evolve or perish




WIREDSET/TRENDRR (CEO, acquired by …)

Full bio:

Mark Ghuneim is an American internet entrepreneur, activist, and art curator with a multifaceted career spanning the music industry, digital marketing, privacy advocacy, and art curation. He is known for his innovative contributions to each of these fields and his passion for exploring the intersection of technology, privacy, and art.

Career: Ghuneim’s early career began in the music industry, where he served as a VJ and DJ at Private Eyes, a video nightclub in New York City. He also gained experience in music video production while working with Thirsty Ear/Beggar’s Banquet and record labels like 4AD. He later joined Columbia Records, holding various positions including VP of Video Promotion, VP of Online and Emerging Technologies, and Senior VP of Online and Emerging Technologies. As the first digital executive at Sony Music Entertainment, Ghuneim implemented online marketing campaigns and spearheaded innovations in social networking and community management.

In 2004, Ghuneim founded Wiredset, a digital services company that provided marketing and consulting services to clients in the entertainment industry. Wiredset later developed Trendrr, a real-time tracking and analysis platform for social media engagement and trends. Trendrr became a success and was acquired by Twitter in 2013. Ghuneim then became the General Manager of Twitter’s Curator product, a tool for curating tweets and other content for use in media broadcasts and publications. He also worked on business development and media partnerships for Twitter.

Advocacy and Art: Ghuneim founded Hacked.net in 1997, a platform focused on information security, and he testified before Congress on related issues. He actively worked with the ACLU and the New York Civil Liberties Union to advocate for privacy rights and oppose surveillance in public spaces. As an art curator, Ghuneim co-curated the exhibition “Public, Private, Secret” at the International Center of Photography (ICP) in New York from 2016 to 2017. The exhibition explored the roles of photography and video in shaping identity and the social conventions that define public and private selves.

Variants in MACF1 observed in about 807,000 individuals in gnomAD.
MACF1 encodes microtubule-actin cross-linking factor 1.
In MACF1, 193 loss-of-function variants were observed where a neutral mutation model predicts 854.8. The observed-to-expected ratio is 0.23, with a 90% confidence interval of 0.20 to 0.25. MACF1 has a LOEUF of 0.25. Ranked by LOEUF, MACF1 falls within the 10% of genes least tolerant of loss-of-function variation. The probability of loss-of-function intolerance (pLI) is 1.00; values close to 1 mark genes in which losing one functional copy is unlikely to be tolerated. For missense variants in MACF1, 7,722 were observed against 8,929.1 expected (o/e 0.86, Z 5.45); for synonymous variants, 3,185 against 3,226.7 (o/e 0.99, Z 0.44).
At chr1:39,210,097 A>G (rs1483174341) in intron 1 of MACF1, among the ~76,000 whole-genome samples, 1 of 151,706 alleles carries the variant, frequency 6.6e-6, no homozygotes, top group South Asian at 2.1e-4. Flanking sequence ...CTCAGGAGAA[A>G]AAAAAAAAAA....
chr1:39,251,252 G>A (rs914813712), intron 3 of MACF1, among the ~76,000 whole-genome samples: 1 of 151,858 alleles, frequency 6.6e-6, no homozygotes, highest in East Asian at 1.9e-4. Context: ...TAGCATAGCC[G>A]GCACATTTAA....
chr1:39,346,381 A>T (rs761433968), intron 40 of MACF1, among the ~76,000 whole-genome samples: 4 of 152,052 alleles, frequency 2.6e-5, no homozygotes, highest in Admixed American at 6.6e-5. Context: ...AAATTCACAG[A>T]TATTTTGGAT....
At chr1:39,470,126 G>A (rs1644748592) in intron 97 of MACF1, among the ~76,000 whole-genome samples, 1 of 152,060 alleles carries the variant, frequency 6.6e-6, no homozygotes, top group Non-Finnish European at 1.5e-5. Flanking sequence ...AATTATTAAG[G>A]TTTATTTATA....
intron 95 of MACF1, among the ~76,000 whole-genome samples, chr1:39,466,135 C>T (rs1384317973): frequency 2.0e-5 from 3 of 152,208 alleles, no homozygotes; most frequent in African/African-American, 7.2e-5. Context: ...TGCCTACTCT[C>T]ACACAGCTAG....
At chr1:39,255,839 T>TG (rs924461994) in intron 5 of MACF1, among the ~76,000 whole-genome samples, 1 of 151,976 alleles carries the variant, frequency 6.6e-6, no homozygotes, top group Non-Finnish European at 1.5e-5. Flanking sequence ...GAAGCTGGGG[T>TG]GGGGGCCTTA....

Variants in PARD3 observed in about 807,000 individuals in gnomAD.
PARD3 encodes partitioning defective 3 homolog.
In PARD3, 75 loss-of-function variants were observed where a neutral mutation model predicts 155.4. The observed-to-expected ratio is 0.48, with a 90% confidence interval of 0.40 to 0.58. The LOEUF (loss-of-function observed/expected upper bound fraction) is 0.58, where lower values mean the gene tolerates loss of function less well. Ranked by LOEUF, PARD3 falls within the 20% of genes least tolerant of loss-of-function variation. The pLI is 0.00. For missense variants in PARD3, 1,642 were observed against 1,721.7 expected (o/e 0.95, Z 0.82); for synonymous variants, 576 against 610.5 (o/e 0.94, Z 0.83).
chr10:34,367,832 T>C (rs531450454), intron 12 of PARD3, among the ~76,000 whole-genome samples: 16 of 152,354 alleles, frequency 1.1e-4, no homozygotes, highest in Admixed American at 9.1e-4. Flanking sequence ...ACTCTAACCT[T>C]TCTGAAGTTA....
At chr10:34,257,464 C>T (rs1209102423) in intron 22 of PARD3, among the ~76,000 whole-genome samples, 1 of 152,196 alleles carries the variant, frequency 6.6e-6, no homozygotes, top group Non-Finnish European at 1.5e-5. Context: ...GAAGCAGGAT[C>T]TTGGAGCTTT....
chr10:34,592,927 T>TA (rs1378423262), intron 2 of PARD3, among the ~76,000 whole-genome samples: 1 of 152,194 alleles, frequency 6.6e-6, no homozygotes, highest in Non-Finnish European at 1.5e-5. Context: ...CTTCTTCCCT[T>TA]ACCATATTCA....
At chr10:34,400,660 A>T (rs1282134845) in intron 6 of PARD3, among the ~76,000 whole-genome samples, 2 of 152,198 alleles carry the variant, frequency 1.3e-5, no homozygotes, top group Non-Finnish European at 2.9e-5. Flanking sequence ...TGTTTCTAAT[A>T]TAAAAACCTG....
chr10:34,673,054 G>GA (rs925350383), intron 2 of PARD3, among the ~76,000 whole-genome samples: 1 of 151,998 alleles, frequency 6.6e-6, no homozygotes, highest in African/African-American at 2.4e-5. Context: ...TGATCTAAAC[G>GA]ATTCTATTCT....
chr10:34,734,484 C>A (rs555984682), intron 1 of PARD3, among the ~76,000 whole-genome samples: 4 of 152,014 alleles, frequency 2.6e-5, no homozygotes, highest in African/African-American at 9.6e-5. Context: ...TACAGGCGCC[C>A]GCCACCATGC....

He also authored, co-curated, and contributed to the “Surveillance Index” exhibition and book series, which presented a collection of books related to surveillance photography, with the first edition launched in 2016 at the ICP Museum1 Book Launch: Surveillance Index Edition One by Mark Ghuneim

Ghuneim holds a US patent (8,271,429) for a “System and method for collecting and processing data.” He has authored papers, including “Terms of Engagement: Measuring the Active Consumer” (2008), and produced the documentary “Pixies: Gouge.” Mark Ghuneim continues to work as an angel investor, mentor, consultant, and creator, and he remains actively involved in privacy activism and art curation. His career is driven by the philosophy of “evolve or perish,” reflecting his commitment to continuous innovation and positive change. Mark Ghuneim | Evolve or Perish.


Surveillance Index Edition One is a collection of one hundred books related to surveillance photography.

Purchase Book / Read Essay / Website